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  • 1. Awuba, Jude
    et al.
    Macassa, Gloria
    HIV/AIDS in Cameroon: Rising gender issues in policy-making matters2007In: African Journal of Health Sciences, ISSN 1022-9272, E-ISSN 2306-1987, Vol. 14, no 3-4, p. 118-128Article in journal (Refereed)
    Abstract [en]

    This literature review investigated gender differentials in HIV/AIDS in Cameroon and to which extent gender was taken into account in the country’s current policy on HIV/AIDS. The review found that in Cameroon women were at increased risk of being infected with HIV/AIDS compared to men and that apart from biological vulnerability, socio-cultural as well as economic factors accounted for those differences. In addition, the review found that at the policy level, the government has drawn up plans to reduce the high prevalence of HIV/AIDS among women. However, although the current policy acknowledged the need for tackling gender differentials in HIV/AIDS transmission; little has been done at the level of implementation. The current policy needs to be implemented in a more effective manner and a multisectorial approach should be explored in order to curb the current trend of the feminization of HIV/AIDS in Cameroon.

  • 2. Innocent, M
    et al.
    Ndonko, F
    Ngo’o, G
    Soares, Joaquim J. F.
    Mid Sweden University, Faculty of Human Sciences, Department of Health Sciences.
    Macassa, Gloria
    Mid Sweden University, Faculty of Human Sciences, Department of Health Sciences.
    Breaking the Silence: Understanding the practice of Breast ironing in Cameroon2012In: African Journal of Health Sciences, ISSN 1022-9272, E-ISSN 2306-1987, Vol. 23, no 4, p. 232-237Article in journal (Refereed)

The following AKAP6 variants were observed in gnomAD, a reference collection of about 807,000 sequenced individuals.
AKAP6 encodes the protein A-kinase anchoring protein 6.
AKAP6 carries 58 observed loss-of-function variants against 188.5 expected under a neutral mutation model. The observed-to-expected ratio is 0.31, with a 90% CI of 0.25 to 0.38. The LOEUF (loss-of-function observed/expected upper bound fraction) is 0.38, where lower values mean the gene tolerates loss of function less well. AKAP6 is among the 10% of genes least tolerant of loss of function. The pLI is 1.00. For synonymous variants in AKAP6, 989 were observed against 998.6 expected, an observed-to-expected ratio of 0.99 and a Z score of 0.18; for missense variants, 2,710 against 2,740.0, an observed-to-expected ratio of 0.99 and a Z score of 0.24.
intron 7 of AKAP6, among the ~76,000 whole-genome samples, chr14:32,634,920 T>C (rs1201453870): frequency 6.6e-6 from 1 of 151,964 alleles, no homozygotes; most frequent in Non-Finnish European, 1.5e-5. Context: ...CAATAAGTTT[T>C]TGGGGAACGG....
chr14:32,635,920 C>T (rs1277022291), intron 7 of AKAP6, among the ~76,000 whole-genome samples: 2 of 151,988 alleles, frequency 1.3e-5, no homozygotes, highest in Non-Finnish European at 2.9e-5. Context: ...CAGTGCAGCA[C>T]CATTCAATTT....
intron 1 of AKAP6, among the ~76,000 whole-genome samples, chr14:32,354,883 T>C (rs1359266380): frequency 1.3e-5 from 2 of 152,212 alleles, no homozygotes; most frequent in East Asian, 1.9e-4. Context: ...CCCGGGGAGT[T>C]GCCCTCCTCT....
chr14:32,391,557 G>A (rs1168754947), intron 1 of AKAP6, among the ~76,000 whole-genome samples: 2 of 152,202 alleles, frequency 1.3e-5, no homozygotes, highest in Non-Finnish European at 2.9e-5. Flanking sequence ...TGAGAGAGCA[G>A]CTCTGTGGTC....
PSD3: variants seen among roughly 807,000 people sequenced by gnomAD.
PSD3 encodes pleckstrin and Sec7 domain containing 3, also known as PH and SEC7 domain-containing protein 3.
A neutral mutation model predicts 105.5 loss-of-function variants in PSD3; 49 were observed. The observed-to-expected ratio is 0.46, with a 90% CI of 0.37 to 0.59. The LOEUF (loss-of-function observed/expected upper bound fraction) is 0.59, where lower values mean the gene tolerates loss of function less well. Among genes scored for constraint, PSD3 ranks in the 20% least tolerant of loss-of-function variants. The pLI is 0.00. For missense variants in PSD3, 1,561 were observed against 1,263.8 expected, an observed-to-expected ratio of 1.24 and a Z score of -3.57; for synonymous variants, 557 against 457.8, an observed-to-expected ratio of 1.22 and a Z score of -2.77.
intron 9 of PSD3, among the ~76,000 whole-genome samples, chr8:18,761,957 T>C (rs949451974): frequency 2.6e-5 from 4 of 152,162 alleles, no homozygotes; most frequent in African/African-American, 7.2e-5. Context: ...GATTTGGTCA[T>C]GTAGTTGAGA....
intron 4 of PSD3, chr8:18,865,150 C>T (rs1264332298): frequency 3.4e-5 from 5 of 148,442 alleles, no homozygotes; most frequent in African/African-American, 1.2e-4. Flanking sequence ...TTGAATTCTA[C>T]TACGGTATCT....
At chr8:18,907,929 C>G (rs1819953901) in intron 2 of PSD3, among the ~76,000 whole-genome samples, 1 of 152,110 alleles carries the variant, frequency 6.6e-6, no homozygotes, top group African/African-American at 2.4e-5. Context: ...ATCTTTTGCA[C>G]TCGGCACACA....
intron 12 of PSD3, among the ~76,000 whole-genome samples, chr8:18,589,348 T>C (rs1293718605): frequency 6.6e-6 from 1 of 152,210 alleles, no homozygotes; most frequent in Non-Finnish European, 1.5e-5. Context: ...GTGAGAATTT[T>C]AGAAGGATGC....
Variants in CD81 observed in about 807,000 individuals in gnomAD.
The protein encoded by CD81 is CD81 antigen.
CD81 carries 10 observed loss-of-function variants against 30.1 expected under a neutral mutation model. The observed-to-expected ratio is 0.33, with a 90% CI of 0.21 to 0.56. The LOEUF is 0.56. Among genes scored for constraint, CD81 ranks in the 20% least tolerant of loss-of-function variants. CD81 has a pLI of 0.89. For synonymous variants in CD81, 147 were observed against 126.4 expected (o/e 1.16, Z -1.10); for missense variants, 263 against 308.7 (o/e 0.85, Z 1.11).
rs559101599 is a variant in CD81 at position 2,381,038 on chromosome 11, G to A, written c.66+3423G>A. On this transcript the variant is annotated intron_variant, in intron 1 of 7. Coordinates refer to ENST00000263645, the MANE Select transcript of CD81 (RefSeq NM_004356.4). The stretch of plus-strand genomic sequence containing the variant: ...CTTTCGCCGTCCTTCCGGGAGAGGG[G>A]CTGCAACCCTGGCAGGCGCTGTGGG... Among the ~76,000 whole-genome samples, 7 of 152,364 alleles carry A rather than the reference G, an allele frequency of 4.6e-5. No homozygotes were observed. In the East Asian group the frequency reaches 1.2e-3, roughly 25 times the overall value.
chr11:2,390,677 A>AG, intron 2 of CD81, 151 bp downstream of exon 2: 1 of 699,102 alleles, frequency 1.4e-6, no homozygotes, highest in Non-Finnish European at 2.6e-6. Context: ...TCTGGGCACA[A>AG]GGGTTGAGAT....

• 3.
    Macassa, Gloria
    Mid Sweden University, Faculty of Human Sciences, Department of Health Sciences.
    A Matter of Faith: Unravelling the role of religion on child survival inSub-Saharan Africa2012In: African Journal of Health Sciences, ISSN 1022-9272, E-ISSN 2306-1987, no 22, p. 238-247Article in journal (Refereed)
  • 4.
    Macassa, Gloria
    et al.
    Karolinska Institute.
    Burström, B
    Karolinska Institute.
    Determinants of social inequalities in child mortality in Mozambique: What do we know? What could be done?2006In: African Journal of Health Sciences, ISSN 1022-9272, E-ISSN 2306-1987, no 13, p. 139-143Article in journal (Refereed)
  • 5.
    Macassa, Gloria
    et al.
    Karolinska Institutet.
    Burström, B
    Karolinska Institutet.
    Poverty and child mortality in different contexts: can Mozambique learn from the decline in mortality at the turn of the 19th century inStockholm?2005In: African Journal of Health Sciences, ISSN 1022-9272, E-ISSN 2306-1987, no 12, p. 31-36Article in journal (Refereed)
    Abstract [en]